Later in 2016, ECRI released a summary of hormonal treatment with gonadotropin-releasing hormone (GnRH) analogues that can suppress the secretion of luteinizing hormone and follicle-stimulating hormone, being used as a puberty blocker in transgender children and adolescents. (12) The ECRI review indicated the evidence is consistent in showing that GnRH analogues benefit this transgender population by improving symptoms of depression, anxiety, body image, emotional and behavioral problems, and quality of life.
Revisions Following Initial GRS Treatment
Revisions to primary or secondary sexual characteristics should always be interpreted in the context of specific benefit language. The requirement of the presence of a functional impairment for a specific etiology may vary as applied to any physiological condition. It should be noted that the presence of a functional impairment would render treatment medically necessary and thus not subject to contractual definitions of reconstructive or cosmetic.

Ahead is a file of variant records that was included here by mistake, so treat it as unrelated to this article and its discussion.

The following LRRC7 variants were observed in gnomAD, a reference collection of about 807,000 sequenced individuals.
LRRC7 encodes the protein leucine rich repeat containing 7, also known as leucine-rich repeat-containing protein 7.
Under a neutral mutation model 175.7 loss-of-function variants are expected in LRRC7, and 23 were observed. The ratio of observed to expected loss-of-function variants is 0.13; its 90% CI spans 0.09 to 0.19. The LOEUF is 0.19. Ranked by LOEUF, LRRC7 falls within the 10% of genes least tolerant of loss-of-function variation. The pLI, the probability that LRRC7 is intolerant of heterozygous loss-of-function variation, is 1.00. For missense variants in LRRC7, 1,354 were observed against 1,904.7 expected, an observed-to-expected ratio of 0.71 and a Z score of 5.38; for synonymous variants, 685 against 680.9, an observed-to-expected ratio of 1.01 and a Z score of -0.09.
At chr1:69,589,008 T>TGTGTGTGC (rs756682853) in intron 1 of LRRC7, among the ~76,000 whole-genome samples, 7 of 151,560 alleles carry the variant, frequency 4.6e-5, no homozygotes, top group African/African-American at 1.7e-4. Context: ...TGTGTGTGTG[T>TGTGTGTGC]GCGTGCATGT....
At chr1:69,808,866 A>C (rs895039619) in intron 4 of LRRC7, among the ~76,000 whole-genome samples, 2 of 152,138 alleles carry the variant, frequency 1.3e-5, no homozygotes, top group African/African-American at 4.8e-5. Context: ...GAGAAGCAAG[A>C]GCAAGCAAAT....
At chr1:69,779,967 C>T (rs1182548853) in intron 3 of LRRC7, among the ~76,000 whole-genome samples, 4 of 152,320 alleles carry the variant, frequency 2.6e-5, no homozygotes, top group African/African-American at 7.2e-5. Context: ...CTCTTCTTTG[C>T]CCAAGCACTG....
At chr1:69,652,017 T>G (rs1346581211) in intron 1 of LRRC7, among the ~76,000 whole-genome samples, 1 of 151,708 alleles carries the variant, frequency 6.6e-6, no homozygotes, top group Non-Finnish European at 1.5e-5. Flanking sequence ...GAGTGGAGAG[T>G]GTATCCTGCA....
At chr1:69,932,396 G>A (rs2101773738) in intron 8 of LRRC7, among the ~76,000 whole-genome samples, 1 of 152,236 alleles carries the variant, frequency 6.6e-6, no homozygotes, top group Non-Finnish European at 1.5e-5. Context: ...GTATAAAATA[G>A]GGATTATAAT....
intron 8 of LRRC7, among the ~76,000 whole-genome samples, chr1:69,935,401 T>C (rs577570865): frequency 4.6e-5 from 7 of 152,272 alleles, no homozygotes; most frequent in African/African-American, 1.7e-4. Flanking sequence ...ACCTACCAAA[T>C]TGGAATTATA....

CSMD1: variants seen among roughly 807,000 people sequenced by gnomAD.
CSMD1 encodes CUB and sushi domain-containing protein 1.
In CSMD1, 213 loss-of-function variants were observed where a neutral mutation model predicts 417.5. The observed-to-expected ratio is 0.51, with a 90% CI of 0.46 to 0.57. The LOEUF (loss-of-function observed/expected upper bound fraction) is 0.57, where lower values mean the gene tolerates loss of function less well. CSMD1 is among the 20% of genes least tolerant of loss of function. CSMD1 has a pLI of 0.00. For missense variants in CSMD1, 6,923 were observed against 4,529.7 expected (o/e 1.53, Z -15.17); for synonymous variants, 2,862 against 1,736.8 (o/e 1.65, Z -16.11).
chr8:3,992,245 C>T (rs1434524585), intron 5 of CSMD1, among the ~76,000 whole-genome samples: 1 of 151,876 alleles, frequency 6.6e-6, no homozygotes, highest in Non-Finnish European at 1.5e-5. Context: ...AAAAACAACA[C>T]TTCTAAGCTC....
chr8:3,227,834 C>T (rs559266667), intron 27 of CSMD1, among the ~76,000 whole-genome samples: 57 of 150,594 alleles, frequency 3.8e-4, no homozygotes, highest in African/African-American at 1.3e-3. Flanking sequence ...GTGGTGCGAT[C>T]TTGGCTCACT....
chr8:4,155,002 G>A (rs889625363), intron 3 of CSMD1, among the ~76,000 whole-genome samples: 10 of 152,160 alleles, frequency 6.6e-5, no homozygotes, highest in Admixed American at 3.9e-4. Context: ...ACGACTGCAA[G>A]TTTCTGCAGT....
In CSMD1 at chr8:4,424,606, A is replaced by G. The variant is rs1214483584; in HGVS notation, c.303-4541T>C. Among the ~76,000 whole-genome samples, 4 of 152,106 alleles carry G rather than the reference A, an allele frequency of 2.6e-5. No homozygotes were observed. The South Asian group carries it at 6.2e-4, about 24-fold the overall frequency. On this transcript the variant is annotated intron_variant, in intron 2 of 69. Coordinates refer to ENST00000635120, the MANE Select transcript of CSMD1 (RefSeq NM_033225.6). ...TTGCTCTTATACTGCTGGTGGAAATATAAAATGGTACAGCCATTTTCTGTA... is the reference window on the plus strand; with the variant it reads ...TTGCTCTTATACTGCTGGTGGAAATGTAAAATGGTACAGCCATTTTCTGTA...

Reversal Following Regret of GRS Treatment
Misdiagnosed gender dysphoric patients may regret any gender reassignment treatments. Regret following hormonal and surgical treatment was reported at 1.83% in an 8-year case series reported by Judge et al., in 2014, of 218 patients of both transgender sexes. (13) In 2014, Dhejne et al. reported 2.2% (n=15) of the 767 patients over 50 years experienced regrets, but over time, the number of regrets has significantly declined. (14) This study was inclusive of both transgender sexes. Two other studies were reviewed from Krege et al. (15), and Nelson et al. (16), all of which reported 0% reported no regrets following gender reassignment surgery (GRS) treatments.